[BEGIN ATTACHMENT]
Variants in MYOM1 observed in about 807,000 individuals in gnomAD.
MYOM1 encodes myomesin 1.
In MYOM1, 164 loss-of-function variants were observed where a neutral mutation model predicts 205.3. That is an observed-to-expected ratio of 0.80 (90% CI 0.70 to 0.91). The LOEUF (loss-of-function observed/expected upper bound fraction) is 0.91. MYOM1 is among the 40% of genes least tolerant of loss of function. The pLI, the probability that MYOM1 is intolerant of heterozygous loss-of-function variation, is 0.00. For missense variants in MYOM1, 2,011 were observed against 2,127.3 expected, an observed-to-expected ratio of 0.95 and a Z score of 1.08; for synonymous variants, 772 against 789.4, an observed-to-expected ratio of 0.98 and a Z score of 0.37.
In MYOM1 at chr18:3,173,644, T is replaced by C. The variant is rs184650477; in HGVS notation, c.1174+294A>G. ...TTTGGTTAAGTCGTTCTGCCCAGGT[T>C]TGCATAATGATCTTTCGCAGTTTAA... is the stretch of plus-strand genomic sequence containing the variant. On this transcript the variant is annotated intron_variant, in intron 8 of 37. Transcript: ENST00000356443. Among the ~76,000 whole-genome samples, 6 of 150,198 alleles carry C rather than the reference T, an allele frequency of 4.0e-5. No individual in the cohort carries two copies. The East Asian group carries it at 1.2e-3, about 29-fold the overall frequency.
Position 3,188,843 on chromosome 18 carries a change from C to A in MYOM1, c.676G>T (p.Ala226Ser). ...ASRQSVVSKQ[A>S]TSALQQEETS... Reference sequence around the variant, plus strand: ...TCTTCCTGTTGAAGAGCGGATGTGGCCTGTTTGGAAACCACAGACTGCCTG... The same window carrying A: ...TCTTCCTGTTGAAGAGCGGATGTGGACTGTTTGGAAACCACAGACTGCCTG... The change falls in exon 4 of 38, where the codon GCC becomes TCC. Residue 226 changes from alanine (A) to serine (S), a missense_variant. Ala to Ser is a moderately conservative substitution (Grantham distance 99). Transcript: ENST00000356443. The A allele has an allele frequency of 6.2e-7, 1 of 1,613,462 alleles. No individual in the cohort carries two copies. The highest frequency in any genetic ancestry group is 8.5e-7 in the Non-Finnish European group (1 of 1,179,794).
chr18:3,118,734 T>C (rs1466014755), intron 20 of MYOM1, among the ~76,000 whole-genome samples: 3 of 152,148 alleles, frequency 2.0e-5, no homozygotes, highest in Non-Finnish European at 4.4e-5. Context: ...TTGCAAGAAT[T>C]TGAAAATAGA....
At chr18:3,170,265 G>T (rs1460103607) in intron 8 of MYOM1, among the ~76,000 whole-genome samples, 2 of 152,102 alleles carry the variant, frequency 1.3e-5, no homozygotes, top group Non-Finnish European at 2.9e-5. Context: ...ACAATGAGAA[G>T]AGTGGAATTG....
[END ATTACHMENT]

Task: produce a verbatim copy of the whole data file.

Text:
Variants in MYOM1 observed in about 807,000 individuals in gnomAD.
MYOM1 encodes myomesin 1.
In MYOM1, 164 loss-of-function variants were observed where a neutral mutation model predicts 205.3. That is an observed-to-expected ratio of 0.80 (90% CI 0.70 to 0.91). The LOEUF (loss-of-function observed/expected upper bound fraction) is 0.91. MYOM1 is among the 40% of genes least tolerant of loss of function. The pLI, the probability that MYOM1 is intolerant of heterozygous loss-of-function variation, is 0.00. For missense variants in MYOM1, 2,011 were observed against 2,127.3 expected, an observed-to-expected ratio of 0.95 and a Z score of 1.08; for synonymous variants, 772 against 789.4, an observed-to-expected ratio of 0.98 and a Z score of 0.37.
In MYOM1 at chr18:3,173,644, T is replaced by C. The variant is rs184650477; in HGVS notation, c.1174+294A>G. ...TTTGGTTAAGTCGTTCTGCCCAGGT[T>C]TGCATAATGATCTTTCGCAGTTTAA... is the stretch of plus-strand genomic sequence containing the variant. On this transcript the variant is annotated intron_variant, in intron 8 of 37. Transcript: ENST00000356443. Among the ~76,000 whole-genome samples, 6 of 150,198 alleles carry C rather than the reference T, an allele frequency of 4.0e-5. No individual in the cohort carries two copies. The East Asian group carries it at 1.2e-3, about 29-fold the overall frequency.
Position 3,188,843 on chromosome 18 carries a change from C to A in MYOM1, c.676G>T (p.Ala226Ser). ...ASRQSVVSKQ[A>S]TSALQQEETS... Reference sequence around the variant, plus strand: ...TCTTCCTGTTGAAGAGCGGATGTGGCCTGTTTGGAAACCACAGACTGCCTG... The same window carrying A: ...TCTTCCTGTTGAAGAGCGGATGTGGACTGTTTGGAAACCACAGACTGCCTG... The change falls in exon 4 of 38, where the codon GCC becomes TCC. Residue 226 changes from alanine (A) to serine (S), a missense_variant. Ala to Ser is a moderately conservative substitution (Grantham distance 99). Transcript: ENST00000356443. The A allele has an allele frequency of 6.2e-7, 1 of 1,613,462 alleles. No individual in the cohort carries two copies. The highest frequency in any genetic ancestry group is 8.5e-7 in the Non-Finnish European group (1 of 1,179,794).
chr18:3,118,734 T>C (rs1466014755), intron 20 of MYOM1, among the ~76,000 whole-genome samples: 3 of 152,148 alleles, frequency 2.0e-5, no homozygotes, highest in Non-Finnish European at 4.4e-5. Context: ...TTGCAAGAAT[T>C]TGAAAATAGA....
At chr18:3,170,265 G>T (rs1460103607) in intron 8 of MYOM1, among the ~76,000 whole-genome samples, 2 of 152,102 alleles carry the variant, frequency 1.3e-5, no homozygotes, top group Non-Finnish European at 2.9e-5. Context: ...ACAATGAGAA[G>T]AGTGGAATTG....